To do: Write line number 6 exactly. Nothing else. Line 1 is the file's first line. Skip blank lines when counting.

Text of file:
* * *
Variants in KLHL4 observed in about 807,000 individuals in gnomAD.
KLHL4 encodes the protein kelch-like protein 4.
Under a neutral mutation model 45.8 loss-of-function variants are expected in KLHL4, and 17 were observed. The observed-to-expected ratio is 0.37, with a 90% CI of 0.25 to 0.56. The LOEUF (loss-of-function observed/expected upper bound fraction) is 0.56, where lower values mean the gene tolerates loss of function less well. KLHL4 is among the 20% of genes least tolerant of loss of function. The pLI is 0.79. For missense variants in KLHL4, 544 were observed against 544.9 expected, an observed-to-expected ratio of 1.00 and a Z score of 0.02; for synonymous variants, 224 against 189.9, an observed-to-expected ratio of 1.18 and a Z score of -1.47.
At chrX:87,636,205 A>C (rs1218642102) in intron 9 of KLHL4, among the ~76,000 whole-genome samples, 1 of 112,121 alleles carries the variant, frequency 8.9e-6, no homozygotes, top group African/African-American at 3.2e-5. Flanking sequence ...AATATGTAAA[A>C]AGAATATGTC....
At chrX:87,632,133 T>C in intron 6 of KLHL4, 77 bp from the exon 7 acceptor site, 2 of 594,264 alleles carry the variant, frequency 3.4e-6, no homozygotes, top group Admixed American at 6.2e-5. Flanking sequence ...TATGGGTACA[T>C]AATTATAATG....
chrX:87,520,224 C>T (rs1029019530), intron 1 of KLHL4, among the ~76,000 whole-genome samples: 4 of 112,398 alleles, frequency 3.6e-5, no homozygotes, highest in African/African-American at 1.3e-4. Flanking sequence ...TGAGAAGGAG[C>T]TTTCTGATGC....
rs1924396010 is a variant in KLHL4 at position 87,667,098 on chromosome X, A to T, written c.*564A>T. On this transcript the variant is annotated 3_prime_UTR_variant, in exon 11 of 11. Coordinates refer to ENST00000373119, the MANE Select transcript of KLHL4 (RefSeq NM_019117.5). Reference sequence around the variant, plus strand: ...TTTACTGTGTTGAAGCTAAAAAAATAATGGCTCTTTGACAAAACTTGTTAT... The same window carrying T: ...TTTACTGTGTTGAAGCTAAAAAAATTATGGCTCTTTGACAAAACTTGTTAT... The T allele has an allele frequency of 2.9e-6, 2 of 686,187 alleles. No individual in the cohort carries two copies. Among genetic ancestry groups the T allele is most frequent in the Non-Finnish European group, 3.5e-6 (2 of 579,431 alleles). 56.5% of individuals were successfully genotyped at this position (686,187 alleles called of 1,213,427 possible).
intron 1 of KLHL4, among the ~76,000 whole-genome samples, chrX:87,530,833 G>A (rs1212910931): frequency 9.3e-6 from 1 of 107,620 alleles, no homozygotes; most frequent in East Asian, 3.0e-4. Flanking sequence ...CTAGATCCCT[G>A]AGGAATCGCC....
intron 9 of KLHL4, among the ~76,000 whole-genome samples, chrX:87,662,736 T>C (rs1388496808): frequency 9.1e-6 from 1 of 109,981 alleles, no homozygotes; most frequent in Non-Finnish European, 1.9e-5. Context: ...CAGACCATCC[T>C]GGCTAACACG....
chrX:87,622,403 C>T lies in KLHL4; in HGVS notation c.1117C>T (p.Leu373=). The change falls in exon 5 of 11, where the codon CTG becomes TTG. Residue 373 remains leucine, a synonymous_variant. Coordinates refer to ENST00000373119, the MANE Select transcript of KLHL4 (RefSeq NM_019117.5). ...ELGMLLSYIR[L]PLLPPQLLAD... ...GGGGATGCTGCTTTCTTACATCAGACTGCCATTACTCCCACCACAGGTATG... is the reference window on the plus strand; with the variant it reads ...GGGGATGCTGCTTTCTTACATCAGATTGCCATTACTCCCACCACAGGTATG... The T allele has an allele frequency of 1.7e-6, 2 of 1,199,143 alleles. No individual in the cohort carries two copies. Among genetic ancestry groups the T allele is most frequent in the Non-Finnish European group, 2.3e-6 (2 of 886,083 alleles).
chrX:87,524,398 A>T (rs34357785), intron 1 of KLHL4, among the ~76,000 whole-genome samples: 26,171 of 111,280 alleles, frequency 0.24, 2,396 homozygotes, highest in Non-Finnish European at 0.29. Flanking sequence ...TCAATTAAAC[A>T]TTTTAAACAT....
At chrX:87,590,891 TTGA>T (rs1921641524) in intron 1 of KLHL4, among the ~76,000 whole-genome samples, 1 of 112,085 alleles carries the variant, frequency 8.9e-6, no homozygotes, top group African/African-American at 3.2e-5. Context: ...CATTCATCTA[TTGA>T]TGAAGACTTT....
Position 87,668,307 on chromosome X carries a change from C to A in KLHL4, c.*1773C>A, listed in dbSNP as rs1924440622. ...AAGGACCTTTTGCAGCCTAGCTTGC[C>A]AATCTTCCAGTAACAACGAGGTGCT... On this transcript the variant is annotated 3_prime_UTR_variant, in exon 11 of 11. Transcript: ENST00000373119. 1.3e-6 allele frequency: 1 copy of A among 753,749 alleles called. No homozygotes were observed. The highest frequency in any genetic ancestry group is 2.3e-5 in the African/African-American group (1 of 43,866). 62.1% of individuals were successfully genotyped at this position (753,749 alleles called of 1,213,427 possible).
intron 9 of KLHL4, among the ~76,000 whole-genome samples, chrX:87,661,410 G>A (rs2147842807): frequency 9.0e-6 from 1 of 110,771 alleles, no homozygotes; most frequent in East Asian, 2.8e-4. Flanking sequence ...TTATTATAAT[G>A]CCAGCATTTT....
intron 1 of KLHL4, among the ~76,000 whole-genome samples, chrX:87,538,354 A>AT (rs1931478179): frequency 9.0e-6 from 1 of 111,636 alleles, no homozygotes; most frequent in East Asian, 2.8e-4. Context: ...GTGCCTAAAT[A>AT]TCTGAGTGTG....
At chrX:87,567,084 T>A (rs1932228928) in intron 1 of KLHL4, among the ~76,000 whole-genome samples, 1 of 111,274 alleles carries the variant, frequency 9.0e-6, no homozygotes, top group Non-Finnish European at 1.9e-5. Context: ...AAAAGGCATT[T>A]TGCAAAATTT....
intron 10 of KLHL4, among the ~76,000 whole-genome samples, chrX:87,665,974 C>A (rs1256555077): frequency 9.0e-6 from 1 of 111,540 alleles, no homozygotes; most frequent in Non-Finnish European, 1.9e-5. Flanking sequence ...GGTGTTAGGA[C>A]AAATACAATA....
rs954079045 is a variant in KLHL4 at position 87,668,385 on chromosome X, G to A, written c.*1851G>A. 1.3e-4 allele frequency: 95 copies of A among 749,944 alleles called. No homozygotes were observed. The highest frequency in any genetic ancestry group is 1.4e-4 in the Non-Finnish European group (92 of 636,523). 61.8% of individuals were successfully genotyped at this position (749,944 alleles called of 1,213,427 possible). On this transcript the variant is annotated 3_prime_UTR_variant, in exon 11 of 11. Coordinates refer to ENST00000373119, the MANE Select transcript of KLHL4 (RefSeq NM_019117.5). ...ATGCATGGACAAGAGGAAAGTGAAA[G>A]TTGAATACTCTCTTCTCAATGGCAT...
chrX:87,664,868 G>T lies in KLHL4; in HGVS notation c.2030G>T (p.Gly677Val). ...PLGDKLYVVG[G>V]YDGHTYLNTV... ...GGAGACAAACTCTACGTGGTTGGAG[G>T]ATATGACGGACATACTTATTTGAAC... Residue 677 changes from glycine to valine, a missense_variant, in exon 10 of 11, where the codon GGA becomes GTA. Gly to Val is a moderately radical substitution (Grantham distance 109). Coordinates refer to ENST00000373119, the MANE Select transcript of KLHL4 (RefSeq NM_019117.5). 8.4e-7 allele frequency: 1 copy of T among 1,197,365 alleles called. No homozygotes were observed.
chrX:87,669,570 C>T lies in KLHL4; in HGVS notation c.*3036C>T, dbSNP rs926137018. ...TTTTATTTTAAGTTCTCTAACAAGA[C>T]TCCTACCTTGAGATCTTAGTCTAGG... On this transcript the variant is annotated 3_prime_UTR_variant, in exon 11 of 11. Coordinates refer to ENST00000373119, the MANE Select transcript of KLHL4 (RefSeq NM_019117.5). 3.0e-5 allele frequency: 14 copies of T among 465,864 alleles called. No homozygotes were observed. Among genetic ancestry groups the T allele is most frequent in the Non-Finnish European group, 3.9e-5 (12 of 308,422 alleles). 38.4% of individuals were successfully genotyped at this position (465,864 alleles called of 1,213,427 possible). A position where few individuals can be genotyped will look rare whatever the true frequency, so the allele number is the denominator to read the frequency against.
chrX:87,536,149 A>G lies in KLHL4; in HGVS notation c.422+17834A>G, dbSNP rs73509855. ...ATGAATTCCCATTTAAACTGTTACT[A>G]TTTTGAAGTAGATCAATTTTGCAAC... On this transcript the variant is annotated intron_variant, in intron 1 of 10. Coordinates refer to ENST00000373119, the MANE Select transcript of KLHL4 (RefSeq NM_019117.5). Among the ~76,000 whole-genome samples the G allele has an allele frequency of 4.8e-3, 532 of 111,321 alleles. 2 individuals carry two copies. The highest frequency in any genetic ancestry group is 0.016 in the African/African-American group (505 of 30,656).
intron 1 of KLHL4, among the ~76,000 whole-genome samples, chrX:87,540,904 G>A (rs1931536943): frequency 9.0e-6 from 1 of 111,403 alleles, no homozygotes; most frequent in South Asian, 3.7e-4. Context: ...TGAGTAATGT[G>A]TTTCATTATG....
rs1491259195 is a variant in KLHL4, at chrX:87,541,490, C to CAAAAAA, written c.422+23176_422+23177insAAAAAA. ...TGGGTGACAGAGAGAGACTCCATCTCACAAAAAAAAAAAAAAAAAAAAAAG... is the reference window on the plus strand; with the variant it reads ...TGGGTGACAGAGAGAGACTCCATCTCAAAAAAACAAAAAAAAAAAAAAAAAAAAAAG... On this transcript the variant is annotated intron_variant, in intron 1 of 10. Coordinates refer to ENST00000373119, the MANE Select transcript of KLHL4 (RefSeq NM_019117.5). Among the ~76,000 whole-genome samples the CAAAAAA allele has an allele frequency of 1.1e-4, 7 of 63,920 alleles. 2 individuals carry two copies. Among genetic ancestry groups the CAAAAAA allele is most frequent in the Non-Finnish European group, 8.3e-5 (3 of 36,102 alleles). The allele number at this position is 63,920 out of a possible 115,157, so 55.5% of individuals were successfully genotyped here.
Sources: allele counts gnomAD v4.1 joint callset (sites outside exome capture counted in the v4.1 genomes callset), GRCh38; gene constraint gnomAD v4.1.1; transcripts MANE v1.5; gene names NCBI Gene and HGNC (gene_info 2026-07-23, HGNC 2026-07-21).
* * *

chrX:87,520,224 C>T (rs1029019530), intron 1 of KLHL4, among the ~76,000 whole-genome samples: 4 of 112,398 alleles, frequency 3.6e-5, no homozygotes, highest in African/African-American at 1.3e-4. Flanking sequence ...TGAGAAGGAG[C>T]TTTCTGATGC....